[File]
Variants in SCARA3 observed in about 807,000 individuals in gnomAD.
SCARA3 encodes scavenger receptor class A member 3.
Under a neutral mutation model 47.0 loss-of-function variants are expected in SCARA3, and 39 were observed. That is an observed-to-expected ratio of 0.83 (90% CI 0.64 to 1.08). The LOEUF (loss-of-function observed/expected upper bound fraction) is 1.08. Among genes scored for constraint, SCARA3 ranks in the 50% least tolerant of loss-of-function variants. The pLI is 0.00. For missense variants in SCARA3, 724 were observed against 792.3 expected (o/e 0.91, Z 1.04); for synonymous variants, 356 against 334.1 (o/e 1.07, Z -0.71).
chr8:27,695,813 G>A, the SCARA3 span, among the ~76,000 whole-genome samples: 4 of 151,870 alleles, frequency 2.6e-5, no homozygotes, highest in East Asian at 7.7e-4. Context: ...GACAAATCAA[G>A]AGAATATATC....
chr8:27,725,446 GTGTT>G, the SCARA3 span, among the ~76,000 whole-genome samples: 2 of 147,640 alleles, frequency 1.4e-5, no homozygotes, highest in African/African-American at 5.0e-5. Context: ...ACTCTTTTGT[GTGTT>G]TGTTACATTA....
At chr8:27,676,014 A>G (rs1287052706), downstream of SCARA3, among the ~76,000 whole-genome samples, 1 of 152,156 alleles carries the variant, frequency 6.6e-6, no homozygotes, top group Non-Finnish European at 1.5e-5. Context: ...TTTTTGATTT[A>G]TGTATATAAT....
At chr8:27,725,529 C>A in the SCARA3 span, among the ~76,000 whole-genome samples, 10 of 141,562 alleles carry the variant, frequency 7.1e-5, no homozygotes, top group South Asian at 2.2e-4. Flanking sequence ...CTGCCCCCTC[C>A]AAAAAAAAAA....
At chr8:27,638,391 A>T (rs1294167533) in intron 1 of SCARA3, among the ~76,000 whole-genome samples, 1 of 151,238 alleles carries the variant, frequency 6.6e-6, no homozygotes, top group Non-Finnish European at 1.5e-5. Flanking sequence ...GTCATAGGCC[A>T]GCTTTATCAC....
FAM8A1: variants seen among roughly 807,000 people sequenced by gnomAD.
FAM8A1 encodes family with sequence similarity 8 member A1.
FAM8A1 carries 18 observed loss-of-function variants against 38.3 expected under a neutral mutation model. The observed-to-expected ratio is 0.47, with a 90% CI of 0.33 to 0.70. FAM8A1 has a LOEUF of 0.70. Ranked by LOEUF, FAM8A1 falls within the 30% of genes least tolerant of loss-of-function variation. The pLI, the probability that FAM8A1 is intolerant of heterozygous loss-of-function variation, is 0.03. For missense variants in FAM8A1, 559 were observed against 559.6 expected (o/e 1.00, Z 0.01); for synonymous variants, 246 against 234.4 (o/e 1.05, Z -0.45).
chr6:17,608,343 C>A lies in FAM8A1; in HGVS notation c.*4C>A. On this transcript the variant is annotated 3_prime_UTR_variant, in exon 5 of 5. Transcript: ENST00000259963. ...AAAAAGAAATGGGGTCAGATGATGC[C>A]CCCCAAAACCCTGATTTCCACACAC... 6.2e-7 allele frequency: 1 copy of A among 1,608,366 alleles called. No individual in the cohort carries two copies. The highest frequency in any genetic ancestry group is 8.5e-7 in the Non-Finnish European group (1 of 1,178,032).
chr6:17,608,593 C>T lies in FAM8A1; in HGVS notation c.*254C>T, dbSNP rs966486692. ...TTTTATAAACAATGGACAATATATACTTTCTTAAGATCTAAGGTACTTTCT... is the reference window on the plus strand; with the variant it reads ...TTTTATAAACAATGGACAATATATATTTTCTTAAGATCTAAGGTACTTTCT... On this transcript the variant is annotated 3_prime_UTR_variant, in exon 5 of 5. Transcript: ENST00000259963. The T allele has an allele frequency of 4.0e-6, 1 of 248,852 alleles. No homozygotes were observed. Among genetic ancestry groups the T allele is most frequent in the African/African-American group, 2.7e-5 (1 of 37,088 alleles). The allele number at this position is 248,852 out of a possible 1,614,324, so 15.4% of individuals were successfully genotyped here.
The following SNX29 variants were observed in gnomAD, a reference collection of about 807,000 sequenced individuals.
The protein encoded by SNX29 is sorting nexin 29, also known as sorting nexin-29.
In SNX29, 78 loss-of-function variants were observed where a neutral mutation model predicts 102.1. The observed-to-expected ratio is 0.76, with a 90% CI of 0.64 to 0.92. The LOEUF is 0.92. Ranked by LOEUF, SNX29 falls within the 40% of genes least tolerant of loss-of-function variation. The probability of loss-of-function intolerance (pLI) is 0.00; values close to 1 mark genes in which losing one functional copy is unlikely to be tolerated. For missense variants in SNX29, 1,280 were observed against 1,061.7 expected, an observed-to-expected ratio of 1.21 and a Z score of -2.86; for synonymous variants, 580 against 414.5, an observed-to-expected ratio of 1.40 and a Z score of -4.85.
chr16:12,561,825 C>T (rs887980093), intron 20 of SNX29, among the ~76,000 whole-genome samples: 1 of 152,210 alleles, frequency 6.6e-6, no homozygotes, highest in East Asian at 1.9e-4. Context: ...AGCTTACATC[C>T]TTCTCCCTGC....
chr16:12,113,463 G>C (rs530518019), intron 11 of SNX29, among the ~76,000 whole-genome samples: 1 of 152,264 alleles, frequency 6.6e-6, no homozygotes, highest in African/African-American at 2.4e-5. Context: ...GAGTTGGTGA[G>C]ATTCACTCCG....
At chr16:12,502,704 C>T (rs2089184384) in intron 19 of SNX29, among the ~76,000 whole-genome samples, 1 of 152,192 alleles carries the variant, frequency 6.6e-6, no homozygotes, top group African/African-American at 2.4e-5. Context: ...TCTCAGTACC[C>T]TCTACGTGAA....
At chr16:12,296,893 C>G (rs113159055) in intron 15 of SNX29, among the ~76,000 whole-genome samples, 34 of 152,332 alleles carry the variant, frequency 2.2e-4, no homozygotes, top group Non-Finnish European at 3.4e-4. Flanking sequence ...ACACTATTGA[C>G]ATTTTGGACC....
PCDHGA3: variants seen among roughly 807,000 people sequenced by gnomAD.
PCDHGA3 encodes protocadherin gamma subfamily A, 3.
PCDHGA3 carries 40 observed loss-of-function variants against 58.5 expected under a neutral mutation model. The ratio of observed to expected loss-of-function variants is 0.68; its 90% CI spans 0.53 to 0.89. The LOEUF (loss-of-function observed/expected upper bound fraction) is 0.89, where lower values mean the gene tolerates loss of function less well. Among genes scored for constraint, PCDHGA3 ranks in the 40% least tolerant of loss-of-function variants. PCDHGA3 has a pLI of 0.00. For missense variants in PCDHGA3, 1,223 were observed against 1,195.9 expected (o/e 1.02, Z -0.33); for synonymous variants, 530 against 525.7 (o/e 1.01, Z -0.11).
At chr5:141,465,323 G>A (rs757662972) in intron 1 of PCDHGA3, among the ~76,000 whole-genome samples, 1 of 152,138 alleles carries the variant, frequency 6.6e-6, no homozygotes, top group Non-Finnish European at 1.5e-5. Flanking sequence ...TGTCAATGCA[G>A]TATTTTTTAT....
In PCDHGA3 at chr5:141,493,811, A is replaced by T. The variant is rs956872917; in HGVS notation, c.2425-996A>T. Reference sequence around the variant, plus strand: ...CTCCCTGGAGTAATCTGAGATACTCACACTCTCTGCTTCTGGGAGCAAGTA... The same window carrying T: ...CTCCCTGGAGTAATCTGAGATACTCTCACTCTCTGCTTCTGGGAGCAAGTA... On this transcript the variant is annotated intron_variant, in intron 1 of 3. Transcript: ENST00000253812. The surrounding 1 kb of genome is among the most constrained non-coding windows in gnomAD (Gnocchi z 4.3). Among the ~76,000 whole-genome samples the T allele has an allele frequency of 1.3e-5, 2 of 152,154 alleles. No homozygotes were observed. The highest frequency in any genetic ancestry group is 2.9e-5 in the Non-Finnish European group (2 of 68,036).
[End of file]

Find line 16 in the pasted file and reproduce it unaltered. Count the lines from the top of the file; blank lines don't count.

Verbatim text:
In SNX29, 78 loss-of-function variants were observed where a neutral mutation model predicts 102.1. The observed-to-expected ratio is 0.76, with a 90% CI of 0.64 to 0.92. The LOEUF is 0.92. Ranked by LOEUF, SNX29 falls within the 40% of genes least tolerant of loss-of-function variation. The probability of loss-of-function intolerance (pLI) is 0.00; values close to 1 mark genes in which losing one functional copy is unlikely to be tolerated. For missense variants in SNX29, 1,280 were observed against 1,061.7 expected, an observed-to-expected ratio of 1.21 and a Z score of -2.86; for synonymous variants, 580 against 414.5, an observed-to-expected ratio of 1.40 and a Z score of -4.85.